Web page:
By Sean Ostruszka
It has finally stopped snowing.
Almost every night for a year, my apartment’s living room would get a dusting of snow. It gingerly fell through the air, coating everything once it came to rest – my coffee table, the couch, the TV remote, a wastepaper basket. It even got in what little hair I have on my head.
Then I discovered polyurethane resin. Now the snow storms come far less frequently.
To clarify, the “snow” was actually balsa wood sawdust. As an avid lure maker, almost every night I tinker, fiddle with and make lures. However, living in an apartment with no work room means most of my work is done on the coffee table in my living room. Hence the snowstorms. Honestly, I can’t believe my wife actually put up with the mess for a year.
To my wife’s joy, some six months ago I began talking with a medical student in Brazil who was making lures out of polyurethane resin. Seeing as he had little spare time away from studying, the student needed a way to make lures that was faster than carving them from balsa. Resin lures were the answer.
Polyurethane resin is an extremely tough and rigid urethane that is similar to the plastic most mold-injected lures are made of. In fact, many of the hard swimbaits coming from out West are made from resin. It comes in two parts that have to be mixed together, and in its unaltered state, the resin doesn’t float. However, by adding microballoons – hollow glass spheres that look like a fine powder and decrease the weight of a casted piece – the resin can reach a density of roughly 0.5 to 0.6 g/cm3 (water has a maximum density of 1 g/cm3). To put that in perspective, balsa wood has a density ranging from about 0.1 to 0.13 g/cm3, while basswood and pine range from 0.3 to 0.6 g/cm3. That means the resin isn’t near as buoyant as balsa wood, but it is still buoyant and light enough for lure building.
The beauty of resin is its capability to quickly replicate the same lure over and over. Any lure builder knows every lure made from wood will work slightly different from the next depending on slight differences in shape, wood density and weight placement. With the resin, one lure is exactly like the next. Better yet, lures can be made in seconds.
Alumilite is a company that specializes in making these casting resins, and they have a multitude of options. Some of the resins are actually cured hard in 90 seconds, though I prefer resins that allow for a little more working time. Compare that to the hours that go into building one balsa lure.
The downfall is price and initial time. A plank of balsa costs next to nothing. A 28-ounce kit of polyurethane resin and a jar of microballoons will run around $43. Builders will also have to purchase RTV silicone rubber to make the mold to shape the resin. A 1-pound jar goes for $27.50 on alumilite.com. Like I said, it is not cheap, though Alumilite does sell complete starter kits that come with everything a builder would need, along with instructions. Go with the Super Casting Kit for $70, as the smaller one doesn’t really have enough silicone for most lures.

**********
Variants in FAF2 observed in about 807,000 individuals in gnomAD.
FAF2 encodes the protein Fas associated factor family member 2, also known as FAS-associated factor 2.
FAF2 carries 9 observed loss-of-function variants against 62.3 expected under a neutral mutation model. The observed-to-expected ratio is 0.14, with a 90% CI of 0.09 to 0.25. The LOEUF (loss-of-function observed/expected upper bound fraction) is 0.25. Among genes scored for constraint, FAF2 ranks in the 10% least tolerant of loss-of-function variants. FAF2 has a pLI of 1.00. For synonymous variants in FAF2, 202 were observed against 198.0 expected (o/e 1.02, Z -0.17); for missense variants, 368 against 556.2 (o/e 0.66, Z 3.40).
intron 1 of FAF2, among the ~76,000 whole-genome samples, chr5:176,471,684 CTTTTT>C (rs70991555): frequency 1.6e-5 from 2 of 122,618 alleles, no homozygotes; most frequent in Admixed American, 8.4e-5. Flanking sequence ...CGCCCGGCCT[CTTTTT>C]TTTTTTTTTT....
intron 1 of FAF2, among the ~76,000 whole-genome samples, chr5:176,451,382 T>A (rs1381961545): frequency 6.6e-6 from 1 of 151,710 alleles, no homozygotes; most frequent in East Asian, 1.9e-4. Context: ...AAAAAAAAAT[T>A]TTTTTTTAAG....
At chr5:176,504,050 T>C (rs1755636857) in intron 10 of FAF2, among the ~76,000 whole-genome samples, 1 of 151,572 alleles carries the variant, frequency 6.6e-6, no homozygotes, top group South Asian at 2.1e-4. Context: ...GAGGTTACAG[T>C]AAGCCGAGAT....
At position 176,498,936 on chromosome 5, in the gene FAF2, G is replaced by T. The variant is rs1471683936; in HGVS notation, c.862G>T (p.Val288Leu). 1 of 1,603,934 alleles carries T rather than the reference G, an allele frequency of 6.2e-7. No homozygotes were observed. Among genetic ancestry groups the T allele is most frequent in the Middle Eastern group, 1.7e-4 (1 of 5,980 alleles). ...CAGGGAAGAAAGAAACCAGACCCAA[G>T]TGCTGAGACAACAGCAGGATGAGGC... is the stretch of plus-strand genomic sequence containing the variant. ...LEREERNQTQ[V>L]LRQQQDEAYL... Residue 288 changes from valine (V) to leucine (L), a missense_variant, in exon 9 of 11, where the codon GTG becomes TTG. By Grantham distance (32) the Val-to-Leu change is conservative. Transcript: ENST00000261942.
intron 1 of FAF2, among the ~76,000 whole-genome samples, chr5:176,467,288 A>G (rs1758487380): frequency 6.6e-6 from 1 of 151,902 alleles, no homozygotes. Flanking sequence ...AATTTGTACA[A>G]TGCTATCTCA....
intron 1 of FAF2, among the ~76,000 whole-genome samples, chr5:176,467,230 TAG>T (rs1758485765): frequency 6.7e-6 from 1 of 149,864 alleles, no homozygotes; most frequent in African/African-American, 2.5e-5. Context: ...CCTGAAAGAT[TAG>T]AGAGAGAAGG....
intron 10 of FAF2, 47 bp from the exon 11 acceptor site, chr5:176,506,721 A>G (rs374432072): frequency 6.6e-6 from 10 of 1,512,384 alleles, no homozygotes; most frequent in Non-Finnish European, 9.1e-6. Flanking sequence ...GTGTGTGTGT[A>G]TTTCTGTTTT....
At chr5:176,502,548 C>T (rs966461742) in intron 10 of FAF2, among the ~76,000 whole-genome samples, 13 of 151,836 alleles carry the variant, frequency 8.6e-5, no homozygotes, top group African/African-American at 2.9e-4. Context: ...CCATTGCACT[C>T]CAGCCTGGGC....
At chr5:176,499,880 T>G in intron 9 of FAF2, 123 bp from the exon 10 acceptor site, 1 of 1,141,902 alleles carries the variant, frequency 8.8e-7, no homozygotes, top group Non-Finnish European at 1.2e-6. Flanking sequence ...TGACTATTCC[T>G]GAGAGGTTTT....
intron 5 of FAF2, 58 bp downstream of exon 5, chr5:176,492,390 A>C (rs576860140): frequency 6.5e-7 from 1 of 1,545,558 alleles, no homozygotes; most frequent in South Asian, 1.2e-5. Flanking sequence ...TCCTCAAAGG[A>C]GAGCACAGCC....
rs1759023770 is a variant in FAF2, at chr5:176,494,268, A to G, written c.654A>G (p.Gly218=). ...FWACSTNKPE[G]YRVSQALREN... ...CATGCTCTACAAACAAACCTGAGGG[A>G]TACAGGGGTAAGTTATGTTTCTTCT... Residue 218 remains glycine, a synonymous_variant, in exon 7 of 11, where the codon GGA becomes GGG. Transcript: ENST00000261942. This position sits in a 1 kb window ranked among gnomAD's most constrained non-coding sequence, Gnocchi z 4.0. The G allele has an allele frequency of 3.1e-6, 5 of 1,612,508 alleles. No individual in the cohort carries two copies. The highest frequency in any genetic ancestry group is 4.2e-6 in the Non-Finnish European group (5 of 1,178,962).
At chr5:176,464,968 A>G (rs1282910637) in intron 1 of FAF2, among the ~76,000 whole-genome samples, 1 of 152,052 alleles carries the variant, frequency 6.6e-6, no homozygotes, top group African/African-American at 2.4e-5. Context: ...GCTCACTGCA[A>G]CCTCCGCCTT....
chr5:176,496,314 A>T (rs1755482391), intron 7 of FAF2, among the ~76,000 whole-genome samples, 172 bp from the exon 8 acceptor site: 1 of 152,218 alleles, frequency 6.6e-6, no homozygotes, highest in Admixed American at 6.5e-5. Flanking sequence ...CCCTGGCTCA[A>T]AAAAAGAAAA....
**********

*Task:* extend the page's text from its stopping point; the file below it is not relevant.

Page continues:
As for the initial attempt, that can be a hassle. First, a master has to be made of the lure, which can be carved from wood, resin or even wax. All the rest of the lures will end up like the master, so extra time has to be taken to make sure it is perfect. Then the mold has to be made. How to make a mold is explained in the instructions, and there are some great videos on the Web.
Once those two steps are done, though, it’s all gravy. I can go home, mix up a batch of resin, pour it into the mold and have a finished lure in minutes. I’ve since gotten into making two-part hollow lures with the resin that are better for making topwater lures or adding rattles. However, I’m learning they can be a headache that takes a lot of forethought and effort. Then again, that is what most lure builders enjoy about the hobby – figuring out those little headaches and creating something that may one day catch them the trophy of a lifetime.
Personally, the more I use the resin the less I believe I’ll ever go back to balsa. Don’t get me wrong, there will always be lures that are simply better when made from balsa, like shallow crankbaits. But the possibilities are endless with this stuff. Besides, I also like being able to see my coffee table again.
If you are interested in learning more about polyurethane resin or lure building in general, feel free to e-mail me at firstname.lastname@example.org
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